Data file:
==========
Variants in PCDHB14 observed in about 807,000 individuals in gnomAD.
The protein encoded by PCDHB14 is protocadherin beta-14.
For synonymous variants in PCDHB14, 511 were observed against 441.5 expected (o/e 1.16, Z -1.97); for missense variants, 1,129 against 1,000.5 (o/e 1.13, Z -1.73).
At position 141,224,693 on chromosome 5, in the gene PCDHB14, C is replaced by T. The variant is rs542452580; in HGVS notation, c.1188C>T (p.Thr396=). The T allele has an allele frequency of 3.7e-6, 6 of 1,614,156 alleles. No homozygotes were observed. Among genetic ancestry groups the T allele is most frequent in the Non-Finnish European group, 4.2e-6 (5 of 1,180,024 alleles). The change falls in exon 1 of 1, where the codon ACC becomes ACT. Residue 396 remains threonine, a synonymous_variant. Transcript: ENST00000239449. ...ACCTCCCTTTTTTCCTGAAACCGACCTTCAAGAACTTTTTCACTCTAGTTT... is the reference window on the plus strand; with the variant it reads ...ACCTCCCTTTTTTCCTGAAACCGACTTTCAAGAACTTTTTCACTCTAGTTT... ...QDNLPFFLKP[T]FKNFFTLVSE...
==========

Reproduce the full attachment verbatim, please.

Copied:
Variants in PCDHB14 observed in about 807,000 individuals in gnomAD.
The protein encoded by PCDHB14 is protocadherin beta-14.
For synonymous variants in PCDHB14, 511 were observed against 441.5 expected (o/e 1.16, Z -1.97); for missense variants, 1,129 against 1,000.5 (o/e 1.13, Z -1.73).
At position 141,224,693 on chromosome 5, in the gene PCDHB14, C is replaced by T. The variant is rs542452580; in HGVS notation, c.1188C>T (p.Thr396=). The T allele has an allele frequency of 3.7e-6, 6 of 1,614,156 alleles. No homozygotes were observed. Among genetic ancestry groups the T allele is most frequent in the Non-Finnish European group, 4.2e-6 (5 of 1,180,024 alleles). The change falls in exon 1 of 1, where the codon ACC becomes ACT. Residue 396 remains threonine, a synonymous_variant. Transcript: ENST00000239449. ...ACCTCCCTTTTTTCCTGAAACCGACCTTCAAGAACTTTTTCACTCTAGTTT... is the reference window on the plus strand; with the variant it reads ...ACCTCCCTTTTTTCCTGAAACCGACTTTCAAGAACTTTTTCACTCTAGTTT... ...QDNLPFFLKP[T]FKNFFTLVSE...